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A Biogas-Tolerant Engine-Generator for Advanced Agricultural Waste Management

[+] Author Affiliations
Paul E. Yelvington, John M. Gattoni, Kyle I. Merical, Andrew L. Carpenter

Mainstream Engineering Corporation, Rockledge, FL

Paper No. ICEF2015-1130, pp. V001T02A012; 11 pages
  • ASME 2015 Internal Combustion Engine Division Fall Technical Conference
  • Volume 1: Large Bore Engines; Fuels; Advanced Combustion
  • Houston, Texas, USA, November 8–11, 2015
  • Conference Sponsors: Internal Combustion Engine Division
  • ISBN: 978-0-7918-5727-4
  • Copyright © 2015 by ASME


Anaerobic digesters are capable of producing methane-rich biogas from animal manure and also offer the advantages of controlling odors, reducing pathogens, and minimizing the environmental impact of the waste. Unfortunately, biogas is contaminated with hydrogen sulfide (H2S), a highly corrosive gas that is not compatible with many stock engine component materials. As a result, conventional engines can fail after several months of exposure to raw biogas. No small or medium piston engine-generators (<100 kWe) are currently available that can use this fuel without pretreatment to remove the H2S — a process that adds complexity, cost, consumables, and maintenance. As a result, many smaller digester installations simply flare the biogas rather than extracting any useful work from the fuel.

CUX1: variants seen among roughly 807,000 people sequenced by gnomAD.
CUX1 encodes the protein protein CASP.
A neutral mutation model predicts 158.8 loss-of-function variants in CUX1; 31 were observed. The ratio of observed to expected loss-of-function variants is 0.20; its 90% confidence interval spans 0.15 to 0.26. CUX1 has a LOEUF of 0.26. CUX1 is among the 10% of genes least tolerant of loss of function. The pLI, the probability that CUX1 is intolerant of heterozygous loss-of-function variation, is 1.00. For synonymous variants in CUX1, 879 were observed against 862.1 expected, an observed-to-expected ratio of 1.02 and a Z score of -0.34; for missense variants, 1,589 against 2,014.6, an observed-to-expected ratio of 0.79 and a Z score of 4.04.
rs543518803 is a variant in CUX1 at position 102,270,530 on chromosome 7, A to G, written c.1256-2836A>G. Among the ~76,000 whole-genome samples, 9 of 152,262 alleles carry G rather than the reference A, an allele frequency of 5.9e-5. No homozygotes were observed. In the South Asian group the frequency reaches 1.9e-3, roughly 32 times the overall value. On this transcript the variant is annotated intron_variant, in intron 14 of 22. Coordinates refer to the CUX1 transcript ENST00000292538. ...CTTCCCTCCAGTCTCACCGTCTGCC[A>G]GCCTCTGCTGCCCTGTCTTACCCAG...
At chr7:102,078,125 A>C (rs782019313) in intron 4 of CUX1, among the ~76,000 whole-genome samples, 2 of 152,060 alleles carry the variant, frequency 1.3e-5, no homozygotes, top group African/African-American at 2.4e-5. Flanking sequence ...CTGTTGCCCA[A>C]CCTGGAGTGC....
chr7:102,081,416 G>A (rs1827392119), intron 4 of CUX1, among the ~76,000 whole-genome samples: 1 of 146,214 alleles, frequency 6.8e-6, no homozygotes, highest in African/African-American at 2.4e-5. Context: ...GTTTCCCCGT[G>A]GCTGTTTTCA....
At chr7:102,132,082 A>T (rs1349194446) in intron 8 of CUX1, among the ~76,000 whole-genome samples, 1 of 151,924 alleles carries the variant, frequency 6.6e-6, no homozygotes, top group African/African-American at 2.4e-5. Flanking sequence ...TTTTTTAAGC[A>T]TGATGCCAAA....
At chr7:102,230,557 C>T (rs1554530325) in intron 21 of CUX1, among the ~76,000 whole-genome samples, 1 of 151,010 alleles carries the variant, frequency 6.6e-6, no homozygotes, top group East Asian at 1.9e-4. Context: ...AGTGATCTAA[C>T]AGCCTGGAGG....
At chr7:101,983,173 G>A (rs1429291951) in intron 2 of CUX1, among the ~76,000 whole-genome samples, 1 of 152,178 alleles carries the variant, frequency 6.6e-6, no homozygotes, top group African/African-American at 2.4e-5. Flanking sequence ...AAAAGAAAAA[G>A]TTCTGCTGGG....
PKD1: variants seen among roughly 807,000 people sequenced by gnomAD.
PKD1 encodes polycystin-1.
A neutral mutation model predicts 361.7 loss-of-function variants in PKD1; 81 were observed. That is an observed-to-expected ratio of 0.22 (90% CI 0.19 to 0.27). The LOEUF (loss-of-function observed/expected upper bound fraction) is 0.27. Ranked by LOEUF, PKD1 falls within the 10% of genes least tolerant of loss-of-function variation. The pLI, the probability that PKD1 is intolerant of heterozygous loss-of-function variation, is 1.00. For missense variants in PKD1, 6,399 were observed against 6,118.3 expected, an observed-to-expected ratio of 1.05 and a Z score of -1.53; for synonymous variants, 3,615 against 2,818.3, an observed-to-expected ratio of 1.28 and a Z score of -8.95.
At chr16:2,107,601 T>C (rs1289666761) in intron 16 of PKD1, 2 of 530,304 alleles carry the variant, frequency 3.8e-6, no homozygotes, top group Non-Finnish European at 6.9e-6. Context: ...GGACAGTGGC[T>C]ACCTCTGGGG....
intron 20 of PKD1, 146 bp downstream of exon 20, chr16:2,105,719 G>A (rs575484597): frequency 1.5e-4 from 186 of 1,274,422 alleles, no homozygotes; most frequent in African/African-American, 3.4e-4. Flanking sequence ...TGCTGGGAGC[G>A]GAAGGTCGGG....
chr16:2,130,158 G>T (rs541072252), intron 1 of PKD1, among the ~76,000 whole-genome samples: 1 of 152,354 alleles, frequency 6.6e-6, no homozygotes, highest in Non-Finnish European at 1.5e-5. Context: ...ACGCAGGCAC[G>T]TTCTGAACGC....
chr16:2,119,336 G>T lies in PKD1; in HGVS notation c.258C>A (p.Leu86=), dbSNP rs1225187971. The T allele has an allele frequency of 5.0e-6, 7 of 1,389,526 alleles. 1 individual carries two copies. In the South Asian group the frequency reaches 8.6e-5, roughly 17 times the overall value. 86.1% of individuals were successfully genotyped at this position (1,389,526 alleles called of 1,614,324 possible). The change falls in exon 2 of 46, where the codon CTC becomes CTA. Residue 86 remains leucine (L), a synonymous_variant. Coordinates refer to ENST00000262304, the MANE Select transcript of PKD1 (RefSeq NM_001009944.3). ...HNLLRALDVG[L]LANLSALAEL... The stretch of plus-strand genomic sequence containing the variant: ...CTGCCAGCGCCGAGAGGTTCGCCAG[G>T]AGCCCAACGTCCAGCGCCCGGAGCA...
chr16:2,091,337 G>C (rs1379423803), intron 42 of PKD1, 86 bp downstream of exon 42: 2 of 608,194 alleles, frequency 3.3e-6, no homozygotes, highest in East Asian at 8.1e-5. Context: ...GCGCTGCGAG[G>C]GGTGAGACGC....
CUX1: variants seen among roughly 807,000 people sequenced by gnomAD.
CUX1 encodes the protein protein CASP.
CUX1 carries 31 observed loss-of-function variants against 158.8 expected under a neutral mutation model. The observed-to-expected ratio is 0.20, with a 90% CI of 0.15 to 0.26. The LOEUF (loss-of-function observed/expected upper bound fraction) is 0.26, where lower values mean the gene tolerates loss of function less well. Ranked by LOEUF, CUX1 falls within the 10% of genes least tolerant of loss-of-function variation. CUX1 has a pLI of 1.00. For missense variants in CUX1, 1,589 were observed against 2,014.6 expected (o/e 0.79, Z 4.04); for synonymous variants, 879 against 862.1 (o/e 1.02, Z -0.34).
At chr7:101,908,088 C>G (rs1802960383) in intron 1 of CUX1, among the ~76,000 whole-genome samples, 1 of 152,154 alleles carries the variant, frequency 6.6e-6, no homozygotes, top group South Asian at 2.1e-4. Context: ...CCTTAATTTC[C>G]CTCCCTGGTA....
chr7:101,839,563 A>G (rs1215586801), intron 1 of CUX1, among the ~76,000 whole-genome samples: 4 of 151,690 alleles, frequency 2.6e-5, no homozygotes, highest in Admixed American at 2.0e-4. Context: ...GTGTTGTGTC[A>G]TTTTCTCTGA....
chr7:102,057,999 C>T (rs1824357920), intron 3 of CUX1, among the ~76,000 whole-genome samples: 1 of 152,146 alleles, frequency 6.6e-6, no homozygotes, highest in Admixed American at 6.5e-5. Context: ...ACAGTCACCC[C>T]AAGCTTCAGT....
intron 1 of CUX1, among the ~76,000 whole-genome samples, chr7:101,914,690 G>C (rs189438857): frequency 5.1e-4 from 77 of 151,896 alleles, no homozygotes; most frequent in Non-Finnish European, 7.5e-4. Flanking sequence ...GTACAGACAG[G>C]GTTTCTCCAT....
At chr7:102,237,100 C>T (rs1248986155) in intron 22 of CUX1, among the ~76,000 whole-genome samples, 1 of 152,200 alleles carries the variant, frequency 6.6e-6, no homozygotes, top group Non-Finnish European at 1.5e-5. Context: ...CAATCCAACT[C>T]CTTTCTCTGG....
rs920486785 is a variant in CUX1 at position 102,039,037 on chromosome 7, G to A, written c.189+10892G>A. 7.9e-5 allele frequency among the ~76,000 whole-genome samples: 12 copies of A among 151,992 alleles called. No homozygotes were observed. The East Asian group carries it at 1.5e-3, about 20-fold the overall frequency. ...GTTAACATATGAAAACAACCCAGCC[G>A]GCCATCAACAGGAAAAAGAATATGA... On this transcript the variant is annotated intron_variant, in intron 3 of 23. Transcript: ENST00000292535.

Mainstream Engineering is developing a biogas-tolerant engine-generator (BTEG) that can use raw biogas without pretreatment to remove H2S. The development program involved a combination of approaches — materials replacement, coatings, engine control strategy changes, lubrication system changes, and additional sensors. A prototype 25 kW BTEG has been developed using a Ford DSG 2.3 L natural gas engine as the demonstration platform. In this paper, we report on performance testing of the baseline unmodified engine-generator and the BTEG. Measurements of fuel consumption, exhaust temperature, in-cylinder pressure, and exhaust gaseous emissions were made using several synthetic biogas mixtures (60–80% CH4/balance CO2) and pure methane. Because the methane fraction in biogas can change with digester conditions and weather — a method of estimating the biogas composition on the fly and adjusting the spark timing to compensate for the variability has been demonstrated. We also report on limited (100 hr) durability testing of the modified engine using fuel containing 3,000 ppmv of H2S. During this test, the oil was analyzed to track acidification of the engine oil and monitor the accumulation of sulfur or any wear metals.

Copyright © 2015 by ASME



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